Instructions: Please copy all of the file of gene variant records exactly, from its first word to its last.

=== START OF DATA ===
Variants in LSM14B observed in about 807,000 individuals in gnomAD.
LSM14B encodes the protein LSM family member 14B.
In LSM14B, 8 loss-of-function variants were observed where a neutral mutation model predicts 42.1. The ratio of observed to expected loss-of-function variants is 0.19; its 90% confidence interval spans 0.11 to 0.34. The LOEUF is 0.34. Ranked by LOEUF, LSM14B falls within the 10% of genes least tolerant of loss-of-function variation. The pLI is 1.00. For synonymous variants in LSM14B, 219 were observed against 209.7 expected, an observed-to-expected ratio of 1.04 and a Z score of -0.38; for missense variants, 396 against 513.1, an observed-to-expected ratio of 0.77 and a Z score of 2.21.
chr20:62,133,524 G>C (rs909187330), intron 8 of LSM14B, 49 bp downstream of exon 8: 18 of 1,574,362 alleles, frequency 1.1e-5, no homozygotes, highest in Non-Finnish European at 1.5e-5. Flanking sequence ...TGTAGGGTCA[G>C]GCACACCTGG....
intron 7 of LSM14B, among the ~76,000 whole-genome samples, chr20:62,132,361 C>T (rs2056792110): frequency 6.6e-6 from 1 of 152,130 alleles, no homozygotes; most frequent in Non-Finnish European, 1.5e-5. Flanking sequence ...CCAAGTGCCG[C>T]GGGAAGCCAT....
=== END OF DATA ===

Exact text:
Variants in LSM14B observed in about 807,000 individuals in gnomAD.
LSM14B encodes the protein LSM family member 14B.
In LSM14B, 8 loss-of-function variants were observed where a neutral mutation model predicts 42.1. The ratio of observed to expected loss-of-function variants is 0.19; its 90% confidence interval spans 0.11 to 0.34. The LOEUF is 0.34. Ranked by LOEUF, LSM14B falls within the 10% of genes least tolerant of loss-of-function variation. The pLI is 1.00. For synonymous variants in LSM14B, 219 were observed against 209.7 expected, an observed-to-expected ratio of 1.04 and a Z score of -0.38; for missense variants, 396 against 513.1, an observed-to-expected ratio of 0.77 and a Z score of 2.21.
chr20:62,133,524 G>C (rs909187330), intron 8 of LSM14B, 49 bp downstream of exon 8: 18 of 1,574,362 alleles, frequency 1.1e-5, no homozygotes, highest in Non-Finnish European at 1.5e-5. Flanking sequence ...TGTAGGGTCA[G>C]GCACACCTGG....
intron 7 of LSM14B, among the ~76,000 whole-genome samples, chr20:62,132,361 C>T (rs2056792110): frequency 6.6e-6 from 1 of 152,130 alleles, no homozygotes; most frequent in Non-Finnish European, 1.5e-5. Flanking sequence ...CCAAGTGCCG[C>T]GGGAAGCCAT....